PHOTOS: Exposures Ltd.
Every year, Organic Valley produces a bumper crop of more than 200 organic foods, from buttermilk to bratwurst. But over time, the exhibits for the La Farge, WI-based cooperative of organic farmers had come to resemble a cattle stampede, with herds of visitors jostling to find haphazardly displayed products.
With a stylized plywood barn as its focal point, this 30-by-30-foot exhibit for Organic Valley extolled the company's co-op farming roots while highlighting nearly 100 products in an organized display.
For the Natural Products Expo West, Organic Valley worked with MG Design Associates Corp. to end the disarray and to extol its eco-friendliness. Guests entering the exhibit gravitated toward a stylized barn constructed of eco-friendly, stained plywood that served as a focal point for the 900-square-foot booth. Measuring 14-by-29.3-feet, the neo-rustic edifice held three meeting rooms, divided by plywood walls with noise-absorbing acoustic panels, which were covered in burlap. Within each room, wall-mounted, acrylic-front cabinets held dozens of products.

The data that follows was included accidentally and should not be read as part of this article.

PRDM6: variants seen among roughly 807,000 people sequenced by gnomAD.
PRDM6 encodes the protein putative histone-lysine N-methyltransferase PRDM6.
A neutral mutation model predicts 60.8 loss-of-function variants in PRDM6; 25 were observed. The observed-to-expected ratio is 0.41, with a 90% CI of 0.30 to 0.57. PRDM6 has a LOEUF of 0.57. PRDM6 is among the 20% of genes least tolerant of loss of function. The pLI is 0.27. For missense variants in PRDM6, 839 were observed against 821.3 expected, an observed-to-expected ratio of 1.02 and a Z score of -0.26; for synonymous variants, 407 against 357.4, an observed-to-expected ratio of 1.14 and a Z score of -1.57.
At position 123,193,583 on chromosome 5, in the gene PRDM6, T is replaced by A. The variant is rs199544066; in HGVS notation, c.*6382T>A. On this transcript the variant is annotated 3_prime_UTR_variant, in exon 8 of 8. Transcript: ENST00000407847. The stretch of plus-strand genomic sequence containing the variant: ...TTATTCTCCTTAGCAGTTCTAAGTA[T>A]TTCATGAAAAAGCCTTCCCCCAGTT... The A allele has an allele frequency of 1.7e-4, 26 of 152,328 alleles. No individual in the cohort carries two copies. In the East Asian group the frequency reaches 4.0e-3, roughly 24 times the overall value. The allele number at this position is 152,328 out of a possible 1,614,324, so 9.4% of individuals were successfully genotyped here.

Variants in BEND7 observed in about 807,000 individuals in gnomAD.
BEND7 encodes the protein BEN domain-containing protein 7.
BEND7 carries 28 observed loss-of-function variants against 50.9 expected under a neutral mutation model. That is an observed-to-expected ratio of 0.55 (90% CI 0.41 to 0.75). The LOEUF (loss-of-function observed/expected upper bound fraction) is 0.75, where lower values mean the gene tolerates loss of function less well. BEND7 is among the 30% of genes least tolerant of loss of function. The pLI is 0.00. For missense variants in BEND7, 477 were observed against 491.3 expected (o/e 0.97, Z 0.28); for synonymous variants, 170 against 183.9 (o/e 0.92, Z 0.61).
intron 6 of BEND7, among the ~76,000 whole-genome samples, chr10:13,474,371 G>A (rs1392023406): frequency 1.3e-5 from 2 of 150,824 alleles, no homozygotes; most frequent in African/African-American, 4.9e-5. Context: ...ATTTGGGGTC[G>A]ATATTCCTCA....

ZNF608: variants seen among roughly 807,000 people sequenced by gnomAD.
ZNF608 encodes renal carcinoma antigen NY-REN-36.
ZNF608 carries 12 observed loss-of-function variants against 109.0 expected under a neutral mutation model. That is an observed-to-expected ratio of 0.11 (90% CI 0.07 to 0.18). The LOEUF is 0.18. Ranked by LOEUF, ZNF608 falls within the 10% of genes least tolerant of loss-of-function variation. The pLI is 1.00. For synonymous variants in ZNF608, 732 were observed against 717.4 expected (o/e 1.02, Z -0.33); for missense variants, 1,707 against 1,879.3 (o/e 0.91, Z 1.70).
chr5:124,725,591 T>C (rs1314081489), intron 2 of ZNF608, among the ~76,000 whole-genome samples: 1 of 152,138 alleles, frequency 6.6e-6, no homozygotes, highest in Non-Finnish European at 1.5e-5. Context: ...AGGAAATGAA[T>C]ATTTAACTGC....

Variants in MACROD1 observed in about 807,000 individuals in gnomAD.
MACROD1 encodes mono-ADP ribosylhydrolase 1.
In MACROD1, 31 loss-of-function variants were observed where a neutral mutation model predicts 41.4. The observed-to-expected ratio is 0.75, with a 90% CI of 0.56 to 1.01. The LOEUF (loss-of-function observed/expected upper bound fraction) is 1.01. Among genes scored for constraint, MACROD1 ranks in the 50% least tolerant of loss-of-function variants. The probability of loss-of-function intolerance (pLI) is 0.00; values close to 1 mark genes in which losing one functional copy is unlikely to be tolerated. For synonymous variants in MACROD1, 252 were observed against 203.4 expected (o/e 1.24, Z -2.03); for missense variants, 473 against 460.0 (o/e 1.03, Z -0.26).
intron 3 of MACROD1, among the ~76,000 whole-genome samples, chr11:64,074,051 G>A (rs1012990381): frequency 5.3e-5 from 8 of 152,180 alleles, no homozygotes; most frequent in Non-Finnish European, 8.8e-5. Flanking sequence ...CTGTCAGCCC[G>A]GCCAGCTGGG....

Similarly, surrounding a 17-foot-high branded, galvanized-aluminum silo located in one of the booth's corners were three clear acrylic display cases holding nearly 100 products that staff could show attendees without clogging the middle of the booth. Thus, in the exhibit's center, guests could relax at six widely spaced tables made of plywood countertops supported by barrels comprising galvanized metal. On top of the tables (and in various containers around the booth) were planters containing strips of pasture land brought in from a co-op member's farm. The sod represented the purity of the company's products and tied to its recently introduced grass-fed milk product.
Reinforcing the company's reliance on renewable energy was a white, 16-foot-high, aluminum flag pole that functioned as a wind turbine: Three real 4-foot-long turbine blades on it spun lazily, powered by a custom motor. The result of Organic Valley combining discrete product showcases with nods to its ecological endeavors was a 36 percent increase in product samples served compared to the previous year's show – proving that exhibitors, like farmers, reap what they sow.E